Editor’s Note: One might have thought that the Washington Post’s dismal performance in the run-up to war with Iraq – offering a near solid phalanx of misguided opinion about the certainty of Saddam Hussein’s WMD and the necessity for war – might have led to a shake-up of its opinion pages in the ensuing six years.

But the line-up of neocon opinion leaders remains largely intact as the Post again beats the drum for confrontation – this time with Iran – and mocks U.S. officials who see hope for negotiations, as former CIA analyst Melvin A. Goodman notes in this guest essay:

Not even the apparent success of the talks led to any change in the Post’s editorial views.

Their positions are consistent with previous militant stands favoring increased military deployments to Iraq and Afghanistan as well as the Post’s criticism of the decisions to forego missile deployments in East Europe and to seek new arms control and disarmament agreements with Russia.

The strategic mindset of the Post has no room for diplomacy, engagement and disarmament, and — as a result — missed the significance of the Geneva meetings.

The Geneva meetings marked the most extensive talks in 30 years between U.S. and Iranian officials, offered the opportunity to reduce Iran’s stockpile of low-enriched uranium, set a diplomatic clock for a solution to the nuclear issue, and demonstrated an important example of secret U.S.-Russian-French diplomacy to address the problem of nuclear proliferation.

The Western powers will have to hold Iranian feet to the fire on these issues, but Iran’s agreement to allow international inspection of the nuclear facility near Qom within two weeks will offer an immediate test of Tehran’s willingness to cooperate. 

Iran has regularly lied to UN and IAEA officials on nuclear matters, which created very low expectations for the Geneva meeting, but the results thus far point to a major turning point.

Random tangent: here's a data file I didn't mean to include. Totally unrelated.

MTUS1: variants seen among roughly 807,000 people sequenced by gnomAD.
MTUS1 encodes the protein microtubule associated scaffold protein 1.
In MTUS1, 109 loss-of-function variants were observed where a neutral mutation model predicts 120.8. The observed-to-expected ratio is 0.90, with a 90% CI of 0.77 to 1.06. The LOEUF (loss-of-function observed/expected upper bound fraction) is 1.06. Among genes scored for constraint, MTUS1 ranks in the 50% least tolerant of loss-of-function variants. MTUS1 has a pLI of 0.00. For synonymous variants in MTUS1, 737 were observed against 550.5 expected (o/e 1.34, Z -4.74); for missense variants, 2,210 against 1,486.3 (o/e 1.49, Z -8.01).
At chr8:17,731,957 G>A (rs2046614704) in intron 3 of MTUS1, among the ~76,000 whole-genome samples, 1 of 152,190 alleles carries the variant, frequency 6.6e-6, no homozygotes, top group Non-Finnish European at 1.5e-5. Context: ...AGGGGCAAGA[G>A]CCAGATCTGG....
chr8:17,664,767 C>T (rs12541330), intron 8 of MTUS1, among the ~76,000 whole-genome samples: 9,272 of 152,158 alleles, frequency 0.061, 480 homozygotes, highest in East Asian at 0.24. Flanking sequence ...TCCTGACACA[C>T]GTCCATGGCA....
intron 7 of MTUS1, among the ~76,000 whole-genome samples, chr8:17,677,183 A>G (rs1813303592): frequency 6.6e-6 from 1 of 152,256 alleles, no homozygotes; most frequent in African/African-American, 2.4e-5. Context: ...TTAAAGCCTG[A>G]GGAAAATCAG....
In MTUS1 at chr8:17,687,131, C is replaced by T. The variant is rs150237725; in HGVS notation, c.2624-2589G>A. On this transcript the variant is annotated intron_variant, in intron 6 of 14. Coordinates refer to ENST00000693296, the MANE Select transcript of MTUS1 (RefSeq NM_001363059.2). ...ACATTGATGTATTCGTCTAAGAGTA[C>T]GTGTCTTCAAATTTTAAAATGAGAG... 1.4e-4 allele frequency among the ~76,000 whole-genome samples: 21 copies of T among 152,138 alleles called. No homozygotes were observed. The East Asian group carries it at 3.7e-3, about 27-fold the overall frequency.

Over the past several days, Post op-ed writers as well as guest columnists have focused on the instability of the Tehran government and argued that the proper mix of internal pressures could bring down the current government.

All of these writers focus on the danger of nuclear weapons in the hands of the Iranian leadership, they ignore the national intelligence estimates from 2007-2009 that concluded Iran gave up its nuclear weapons program in 2003. 

It should also be added that Iran sent a strong conciliatory message to the United States in 2003, when it suspended its enrichment of uranium, but resumed its enrichment efforts two years later when the Bush administration not only failed to respond, but endorsed clandestine and military measures against Tehran.

The most reckless advice at this possibly critical juncture comes from Post editorial writer Anne Applebaum, who wants the Obama administration to “increase funding for dissident exile groups, smuggle money into the country,” and to “bombard Iranian airwaves with anti-regime television.”

She ignores the fact that the United States and the Central Intelligence Agency are not exactly strangers to domestic intervention in Iran, having sponsored the overthrow of the democratically elected government in 1953 in order to install the Shah of Iran whose corrupt regime was topped 26 years later.

Applebaum believes that her recommended steps would “unnerve” President Mahmoud Ahmadinejad and Ayatollah Ali Khamenei. It is more likely that U.S. intervention would unnerve and discredit the political opposition in Tehran.

Op-ed writer Robert Kagan, a senior associate with the Carnegie Endowment for International Peace (!), supports “crippling sanctions” that would not necessarily topple the regime but would have a chance to succeed if they were a part of the “right mix of internal opposition and foreign pressure.”

He ignores the fact that sanctions rarely work anywhere, that there is insufficient support for additional sanctions, and that — most importantly — the Iranian opposition itself strongly opposes the use of sanctions against Iran.

On the eve of the talks, Iran’s top opposition leader, Mir Hussein Moussavi, issued a statement against tougher sanctions because they would hurt the opposition movement and ordinary citizens.